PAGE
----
As many of my colleagues at the Center for Policy & Research know, I am a big fan of Kathryn Bigelow’s 2012 film Zero Dark Thirty. Billed as a film about “The Greatest Manhunt in History,” the film chronicles the CIA’s decade-long hunt for Osama bin Laden, centered around the efforts of a female CIA operative named simply “Maya.” Continue reading
Over the past few weeks, the film “Zero Dark Thirty” has undoubtedly brought heightened attention to the United States’ hunt for bin Laden (UBL). In the film, some of the more shocking scenes include those in which the main characters, CIA agents, are interrogating detainees at various detention facilities. The film shows some of the more frequently discussed EIT’s, or Enhanced Interrogation Techniques (arguably, just a more palatable euphemism for torture), including waterboarding, sleep deprivation, food deprivation, stress positions, blasting loud music, and playing off the detainees’ fears and cultural beliefs.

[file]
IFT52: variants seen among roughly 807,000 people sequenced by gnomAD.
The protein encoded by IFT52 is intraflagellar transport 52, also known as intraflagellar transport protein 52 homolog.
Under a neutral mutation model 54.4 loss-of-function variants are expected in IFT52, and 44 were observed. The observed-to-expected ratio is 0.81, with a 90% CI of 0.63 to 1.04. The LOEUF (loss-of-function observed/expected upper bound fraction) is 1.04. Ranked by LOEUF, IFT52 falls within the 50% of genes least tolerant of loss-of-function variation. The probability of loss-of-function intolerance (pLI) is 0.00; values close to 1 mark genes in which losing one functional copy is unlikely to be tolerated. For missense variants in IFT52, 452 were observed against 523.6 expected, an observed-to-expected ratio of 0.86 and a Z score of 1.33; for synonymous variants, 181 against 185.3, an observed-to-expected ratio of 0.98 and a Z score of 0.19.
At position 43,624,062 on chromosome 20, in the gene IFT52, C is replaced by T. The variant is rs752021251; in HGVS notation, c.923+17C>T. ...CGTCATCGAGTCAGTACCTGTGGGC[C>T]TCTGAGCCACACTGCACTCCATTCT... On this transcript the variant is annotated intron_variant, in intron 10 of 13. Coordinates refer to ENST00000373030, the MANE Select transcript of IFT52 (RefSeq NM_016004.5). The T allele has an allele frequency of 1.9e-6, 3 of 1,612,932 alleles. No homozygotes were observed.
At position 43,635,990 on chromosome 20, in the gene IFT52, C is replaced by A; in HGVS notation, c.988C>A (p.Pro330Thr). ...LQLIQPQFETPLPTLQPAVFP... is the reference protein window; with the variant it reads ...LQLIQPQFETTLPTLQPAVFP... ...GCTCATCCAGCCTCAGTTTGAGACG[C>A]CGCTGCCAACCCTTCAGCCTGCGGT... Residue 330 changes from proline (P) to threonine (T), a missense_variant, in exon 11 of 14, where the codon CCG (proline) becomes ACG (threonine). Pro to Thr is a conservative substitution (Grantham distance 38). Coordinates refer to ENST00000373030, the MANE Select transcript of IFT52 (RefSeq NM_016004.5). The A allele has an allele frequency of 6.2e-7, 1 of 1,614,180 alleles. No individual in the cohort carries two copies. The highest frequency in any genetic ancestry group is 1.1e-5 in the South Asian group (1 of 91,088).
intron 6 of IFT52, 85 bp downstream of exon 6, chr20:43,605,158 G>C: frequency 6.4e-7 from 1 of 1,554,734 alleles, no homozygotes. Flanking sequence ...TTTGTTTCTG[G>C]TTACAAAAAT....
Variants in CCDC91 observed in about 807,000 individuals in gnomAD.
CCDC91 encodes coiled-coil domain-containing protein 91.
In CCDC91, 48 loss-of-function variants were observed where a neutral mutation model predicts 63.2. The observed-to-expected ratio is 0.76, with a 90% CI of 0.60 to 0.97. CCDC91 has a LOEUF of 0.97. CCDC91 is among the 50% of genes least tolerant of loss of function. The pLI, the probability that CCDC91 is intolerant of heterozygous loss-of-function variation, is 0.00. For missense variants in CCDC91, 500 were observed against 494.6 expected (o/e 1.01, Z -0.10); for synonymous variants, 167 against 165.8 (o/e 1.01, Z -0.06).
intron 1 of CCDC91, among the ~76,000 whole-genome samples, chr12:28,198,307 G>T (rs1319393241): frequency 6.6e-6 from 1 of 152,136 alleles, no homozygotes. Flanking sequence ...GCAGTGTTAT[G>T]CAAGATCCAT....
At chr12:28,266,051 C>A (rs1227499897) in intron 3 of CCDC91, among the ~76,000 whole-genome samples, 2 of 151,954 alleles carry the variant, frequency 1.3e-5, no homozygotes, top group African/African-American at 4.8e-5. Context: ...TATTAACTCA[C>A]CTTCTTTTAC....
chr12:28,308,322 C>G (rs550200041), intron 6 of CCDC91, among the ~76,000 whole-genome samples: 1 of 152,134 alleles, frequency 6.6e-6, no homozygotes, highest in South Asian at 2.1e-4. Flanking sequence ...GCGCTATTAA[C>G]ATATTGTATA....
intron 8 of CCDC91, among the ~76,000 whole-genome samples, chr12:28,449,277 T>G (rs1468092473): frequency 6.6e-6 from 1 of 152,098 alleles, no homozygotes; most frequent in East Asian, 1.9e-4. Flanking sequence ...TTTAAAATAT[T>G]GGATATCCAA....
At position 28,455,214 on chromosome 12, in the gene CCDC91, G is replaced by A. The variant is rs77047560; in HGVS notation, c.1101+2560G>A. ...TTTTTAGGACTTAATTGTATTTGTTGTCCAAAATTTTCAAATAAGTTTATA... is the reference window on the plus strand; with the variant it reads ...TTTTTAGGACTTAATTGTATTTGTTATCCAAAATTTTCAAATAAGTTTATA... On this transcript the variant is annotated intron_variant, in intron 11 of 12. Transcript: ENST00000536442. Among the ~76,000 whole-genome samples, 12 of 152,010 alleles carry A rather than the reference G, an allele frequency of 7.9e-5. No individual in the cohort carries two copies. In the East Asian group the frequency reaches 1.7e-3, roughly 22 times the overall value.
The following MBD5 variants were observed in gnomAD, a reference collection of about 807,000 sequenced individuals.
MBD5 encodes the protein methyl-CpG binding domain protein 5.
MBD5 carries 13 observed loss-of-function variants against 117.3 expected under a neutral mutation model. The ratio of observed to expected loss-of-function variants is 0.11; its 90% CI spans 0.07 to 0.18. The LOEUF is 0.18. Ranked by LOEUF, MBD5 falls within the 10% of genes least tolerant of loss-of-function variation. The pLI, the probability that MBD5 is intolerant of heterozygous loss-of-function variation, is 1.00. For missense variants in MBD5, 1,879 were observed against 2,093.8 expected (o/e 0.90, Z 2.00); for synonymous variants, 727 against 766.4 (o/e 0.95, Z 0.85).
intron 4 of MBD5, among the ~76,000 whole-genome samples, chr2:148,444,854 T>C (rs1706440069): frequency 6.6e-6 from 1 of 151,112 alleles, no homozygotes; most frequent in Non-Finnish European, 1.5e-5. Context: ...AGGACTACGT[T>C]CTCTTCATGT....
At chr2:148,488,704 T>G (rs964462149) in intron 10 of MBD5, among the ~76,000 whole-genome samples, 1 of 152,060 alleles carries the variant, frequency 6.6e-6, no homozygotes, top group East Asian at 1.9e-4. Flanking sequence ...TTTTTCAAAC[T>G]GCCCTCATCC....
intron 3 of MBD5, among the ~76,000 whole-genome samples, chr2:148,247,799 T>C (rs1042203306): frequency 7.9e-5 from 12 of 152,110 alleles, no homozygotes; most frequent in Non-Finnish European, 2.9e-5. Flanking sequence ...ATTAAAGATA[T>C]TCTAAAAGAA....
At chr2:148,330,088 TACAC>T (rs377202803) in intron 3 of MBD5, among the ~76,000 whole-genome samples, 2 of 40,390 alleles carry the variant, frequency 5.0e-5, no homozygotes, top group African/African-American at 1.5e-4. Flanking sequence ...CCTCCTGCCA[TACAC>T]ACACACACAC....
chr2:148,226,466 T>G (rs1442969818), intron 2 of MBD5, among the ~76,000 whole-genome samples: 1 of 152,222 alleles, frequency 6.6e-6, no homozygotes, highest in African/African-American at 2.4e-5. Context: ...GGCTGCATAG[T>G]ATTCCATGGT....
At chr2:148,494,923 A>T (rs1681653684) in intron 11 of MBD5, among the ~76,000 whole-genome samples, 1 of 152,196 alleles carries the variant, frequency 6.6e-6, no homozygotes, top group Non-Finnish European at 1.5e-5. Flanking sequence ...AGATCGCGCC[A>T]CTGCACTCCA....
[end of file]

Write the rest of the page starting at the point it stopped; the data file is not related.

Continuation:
Regardless of whether director Kathryn Bigelow took artistic license when developing these scenes in the film, it is indisputable that EIT’s have been regularly used by the United States in the decade that has passed since the 9/11 attacks. With the secrecy that shrouded the mission leading to the capture of UBL, it is only natural that the public is hungry for the details regarding how the intelligence leading to that fateful night in Abbottabad .
In an interview on “Meet the Press” that aired Sunday night, outgoing Defense Secretary Leon Panetta said that the search for UBL included piecing together a great deal of disparate information, and admitted that some of the information came from EIT’s, saying “Yes, some of it came from some of the tactics that were used at that time – interrogation tactics that were used.”
However, he continued on to say “I think we could have gotten Bin Laden without [EIT's]“- essentially revealing that the controversial EIT’s were not necessary to achieve the United States’ most significant accomplishment thus far in the Great War on Terror, capturing UBL.